So, You Think You Are Ready To Take The GMAT?

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So, you have started your GMAT prep with a target of making it to your dream Business School.

But, are there questions in your mind, like whether you are ready to take the GMAT or not? Or when is the right time to take this test?

Well, such floating thoughts are quite natural. Keep in mind that preparing for the GMAT is a time-taking and serious consideration. However, one good thing is unlike other tests such as SAT or ACT you can sit for GMAT on multiple days in a year. You will get repeated chances to appear for the test. You can take the GMAT five times in one year, and up to eight times in a lifetime. So yes, you get several chances here.

Now, let us help you understand the right time to take the GMAT and crush it! 

  • Keep a track of your first application deadline. The general rule is you can aim at taking the test two months before applying. This way, you can send the scores to your dream business schools for the respective programs. Visit the website of the school to find out application deadlines. Suppose you feel there is not ample time to take the GMAT test or even prepare for it, worry not because some top-notch MBA colleges have several rounds of accepting applications. You can consider applying later.
  • The rate of improvement of your score is directly proportional to the number of study hours. The more you study, the better, and if so, you might want to sit for the GMAT test later (you are well aware of your application deadlines). This way, you will get adequate time to develop your foundation skills and improve remarkably. For instance, if you are willing to invest a hundred hours of study time, then you will need at least three months to prepare for the exam comfortably.
  • GMAT practice tests will help you discern whether you are ready or not. Say you are performing remarkably well in each of the practice tests, and scoring consistently, get it that you are ready for the real challenge. Suppose your score is not consistent, sometimes you are scoring seven hundred and sometimes below six hundred, then take some more time to prepare well. Probably, your ways, techniques, skills, concepts, and more need further refinement. Do not be hasty while taking the test. Make sure that all the concepts are crystal clear. Precisely find out all the weaknesses and work on them.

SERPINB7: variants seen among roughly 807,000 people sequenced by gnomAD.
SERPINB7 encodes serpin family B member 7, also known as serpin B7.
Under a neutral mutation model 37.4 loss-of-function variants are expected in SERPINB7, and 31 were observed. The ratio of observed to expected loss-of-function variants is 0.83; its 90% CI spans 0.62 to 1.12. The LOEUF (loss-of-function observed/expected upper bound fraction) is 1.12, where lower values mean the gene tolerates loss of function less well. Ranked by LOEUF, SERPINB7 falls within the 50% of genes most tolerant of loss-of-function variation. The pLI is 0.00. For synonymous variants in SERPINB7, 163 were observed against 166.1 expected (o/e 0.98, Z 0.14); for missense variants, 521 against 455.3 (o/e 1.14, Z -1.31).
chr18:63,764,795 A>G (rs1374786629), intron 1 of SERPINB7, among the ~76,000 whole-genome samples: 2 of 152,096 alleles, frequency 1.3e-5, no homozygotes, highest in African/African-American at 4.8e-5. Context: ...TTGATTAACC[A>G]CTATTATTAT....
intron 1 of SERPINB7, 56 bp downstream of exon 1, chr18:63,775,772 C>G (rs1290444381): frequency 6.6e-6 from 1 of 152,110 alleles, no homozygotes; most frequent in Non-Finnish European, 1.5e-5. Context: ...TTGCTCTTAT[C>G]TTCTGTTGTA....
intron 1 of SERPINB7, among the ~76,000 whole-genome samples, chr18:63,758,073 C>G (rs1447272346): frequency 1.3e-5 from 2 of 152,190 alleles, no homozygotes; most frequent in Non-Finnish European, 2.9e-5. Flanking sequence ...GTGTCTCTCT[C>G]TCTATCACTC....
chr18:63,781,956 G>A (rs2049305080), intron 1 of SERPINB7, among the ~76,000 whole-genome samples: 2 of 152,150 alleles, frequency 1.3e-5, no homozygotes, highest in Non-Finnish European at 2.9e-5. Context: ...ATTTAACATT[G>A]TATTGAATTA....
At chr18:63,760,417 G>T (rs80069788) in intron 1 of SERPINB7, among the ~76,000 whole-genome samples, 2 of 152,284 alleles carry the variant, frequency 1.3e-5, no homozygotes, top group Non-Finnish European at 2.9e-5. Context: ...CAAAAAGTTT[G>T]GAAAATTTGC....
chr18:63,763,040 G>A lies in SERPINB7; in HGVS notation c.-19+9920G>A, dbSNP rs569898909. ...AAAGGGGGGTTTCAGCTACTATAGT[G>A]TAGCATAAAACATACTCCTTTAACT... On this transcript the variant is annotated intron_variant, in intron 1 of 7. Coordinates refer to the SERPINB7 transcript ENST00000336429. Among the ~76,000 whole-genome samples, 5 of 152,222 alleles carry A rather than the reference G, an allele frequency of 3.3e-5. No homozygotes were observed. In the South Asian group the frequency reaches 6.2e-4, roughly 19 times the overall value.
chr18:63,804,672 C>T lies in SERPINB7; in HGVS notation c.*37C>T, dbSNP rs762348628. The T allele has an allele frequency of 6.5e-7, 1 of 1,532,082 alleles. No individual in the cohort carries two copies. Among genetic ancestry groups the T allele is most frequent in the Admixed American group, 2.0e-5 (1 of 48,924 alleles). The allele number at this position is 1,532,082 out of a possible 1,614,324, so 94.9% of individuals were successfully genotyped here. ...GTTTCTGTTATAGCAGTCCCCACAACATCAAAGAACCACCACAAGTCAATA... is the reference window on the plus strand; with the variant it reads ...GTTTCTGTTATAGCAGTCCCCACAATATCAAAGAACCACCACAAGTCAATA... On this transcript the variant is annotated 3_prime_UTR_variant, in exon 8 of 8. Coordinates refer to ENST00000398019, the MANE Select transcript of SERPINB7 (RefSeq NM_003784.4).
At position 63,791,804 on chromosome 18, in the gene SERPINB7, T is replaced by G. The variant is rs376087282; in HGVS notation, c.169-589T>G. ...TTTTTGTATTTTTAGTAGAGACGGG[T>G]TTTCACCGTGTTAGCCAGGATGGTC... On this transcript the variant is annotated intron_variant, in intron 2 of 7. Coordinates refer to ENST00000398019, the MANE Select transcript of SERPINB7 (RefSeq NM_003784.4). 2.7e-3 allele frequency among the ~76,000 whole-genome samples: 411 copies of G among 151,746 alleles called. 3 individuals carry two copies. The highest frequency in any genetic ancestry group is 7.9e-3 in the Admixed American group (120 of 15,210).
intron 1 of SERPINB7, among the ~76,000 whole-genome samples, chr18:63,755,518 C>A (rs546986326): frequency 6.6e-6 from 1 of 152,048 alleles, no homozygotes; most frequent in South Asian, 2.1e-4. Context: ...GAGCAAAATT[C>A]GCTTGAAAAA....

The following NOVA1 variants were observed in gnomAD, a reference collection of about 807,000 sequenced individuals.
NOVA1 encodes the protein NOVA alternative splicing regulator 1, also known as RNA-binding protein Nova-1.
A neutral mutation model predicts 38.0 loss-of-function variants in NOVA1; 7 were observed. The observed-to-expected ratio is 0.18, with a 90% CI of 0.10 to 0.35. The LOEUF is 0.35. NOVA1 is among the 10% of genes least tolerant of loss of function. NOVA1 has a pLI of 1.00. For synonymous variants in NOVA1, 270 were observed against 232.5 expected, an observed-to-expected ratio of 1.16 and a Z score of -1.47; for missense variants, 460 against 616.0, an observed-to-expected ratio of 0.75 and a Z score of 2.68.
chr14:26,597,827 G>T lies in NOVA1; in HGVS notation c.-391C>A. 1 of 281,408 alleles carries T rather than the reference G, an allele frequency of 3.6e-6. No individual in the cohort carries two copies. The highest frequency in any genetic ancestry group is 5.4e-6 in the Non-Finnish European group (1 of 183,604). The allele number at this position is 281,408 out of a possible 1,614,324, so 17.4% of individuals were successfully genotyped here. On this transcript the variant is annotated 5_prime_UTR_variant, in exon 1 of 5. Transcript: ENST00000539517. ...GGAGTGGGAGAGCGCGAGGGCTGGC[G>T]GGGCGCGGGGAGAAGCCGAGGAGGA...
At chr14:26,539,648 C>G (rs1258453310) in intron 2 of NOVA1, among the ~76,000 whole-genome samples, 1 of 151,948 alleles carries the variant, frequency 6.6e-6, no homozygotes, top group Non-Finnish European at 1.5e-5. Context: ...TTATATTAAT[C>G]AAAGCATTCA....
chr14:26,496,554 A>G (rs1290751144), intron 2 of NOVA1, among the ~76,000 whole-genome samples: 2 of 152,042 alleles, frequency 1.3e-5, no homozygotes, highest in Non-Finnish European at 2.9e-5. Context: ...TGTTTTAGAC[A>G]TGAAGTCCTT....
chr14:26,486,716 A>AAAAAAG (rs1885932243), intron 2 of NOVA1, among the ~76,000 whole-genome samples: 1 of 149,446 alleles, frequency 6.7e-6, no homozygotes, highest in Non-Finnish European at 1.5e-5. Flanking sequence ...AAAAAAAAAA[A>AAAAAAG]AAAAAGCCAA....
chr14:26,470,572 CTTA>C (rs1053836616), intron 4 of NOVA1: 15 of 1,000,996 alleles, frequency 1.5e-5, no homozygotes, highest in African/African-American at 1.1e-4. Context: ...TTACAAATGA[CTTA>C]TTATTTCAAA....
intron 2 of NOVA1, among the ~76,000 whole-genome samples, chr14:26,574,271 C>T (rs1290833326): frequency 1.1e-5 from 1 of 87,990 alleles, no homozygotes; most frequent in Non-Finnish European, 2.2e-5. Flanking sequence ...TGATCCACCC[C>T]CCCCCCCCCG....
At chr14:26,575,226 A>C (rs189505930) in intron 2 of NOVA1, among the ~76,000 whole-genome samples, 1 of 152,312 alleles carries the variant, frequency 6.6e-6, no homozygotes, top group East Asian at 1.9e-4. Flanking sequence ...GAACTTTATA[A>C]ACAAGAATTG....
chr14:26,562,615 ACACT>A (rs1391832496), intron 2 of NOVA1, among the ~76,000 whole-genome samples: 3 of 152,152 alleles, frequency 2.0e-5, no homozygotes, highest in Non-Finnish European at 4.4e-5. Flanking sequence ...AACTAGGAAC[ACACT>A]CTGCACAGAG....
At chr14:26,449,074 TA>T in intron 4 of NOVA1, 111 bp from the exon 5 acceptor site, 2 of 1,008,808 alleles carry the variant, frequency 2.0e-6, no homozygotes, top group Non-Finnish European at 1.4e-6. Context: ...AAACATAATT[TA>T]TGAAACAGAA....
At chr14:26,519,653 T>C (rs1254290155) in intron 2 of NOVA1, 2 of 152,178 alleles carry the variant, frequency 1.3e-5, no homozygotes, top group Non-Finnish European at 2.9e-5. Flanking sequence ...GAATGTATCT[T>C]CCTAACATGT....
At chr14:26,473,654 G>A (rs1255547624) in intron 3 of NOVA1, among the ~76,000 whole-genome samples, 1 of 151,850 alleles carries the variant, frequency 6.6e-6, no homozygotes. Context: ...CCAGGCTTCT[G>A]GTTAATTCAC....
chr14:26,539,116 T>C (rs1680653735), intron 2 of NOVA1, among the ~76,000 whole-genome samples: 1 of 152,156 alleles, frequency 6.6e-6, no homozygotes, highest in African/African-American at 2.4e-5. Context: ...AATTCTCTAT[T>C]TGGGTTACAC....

• Taking many CAT or Computer-Adaptive Tests will guide you through. If you feel your scores are satisfying, then it is time for you to sit for GMAT confidently. CAT scores will provide insights into how much your ability level has developed. It is the key factor to stress upon while appearing for the GMAT. You can better assess your efficiency, accuracy, and concentration levels, with CATs.
  • Your strengths are your weapon, but not to forget that weaknesses need attention too. GMAT is all about answering as many questions correctly as possible within the stipulated time. So, you have to put stress on your strengths. If you find that you are doing reasonably well in the sections you were previously weak in, you must start spending more time to nurture your strengths. Investing at least fifty to sixty hours of study time to nurture the strong areas and honing the skills should be enough to sit for the GMAT. Now, you can be at peace because you will be able to handle it confidently.
  • People who are preparing for the GMAT, know that it requires a lot of time as well as money. If you choose to sit for the test, you have to pay somewhere around USD 250 (just for the test, the cost is exclusive of study materials). When it comes to sitting for the examination, you might suffer from several problems such as stress, anxiety, analysis paralysis, self-doubt, and more that are completely normal. But, if you feel confident that the date you chose to sit for the exam is perfect for you, and you followed a solid study plan throughout, then you are ready for the test.

You have to decide for yourself whether it is the right time to sit for the test or not. Just have faith in yourself and take the tough call because the “more is better” approach can stop you from taking the test in the first place. So, go for it!

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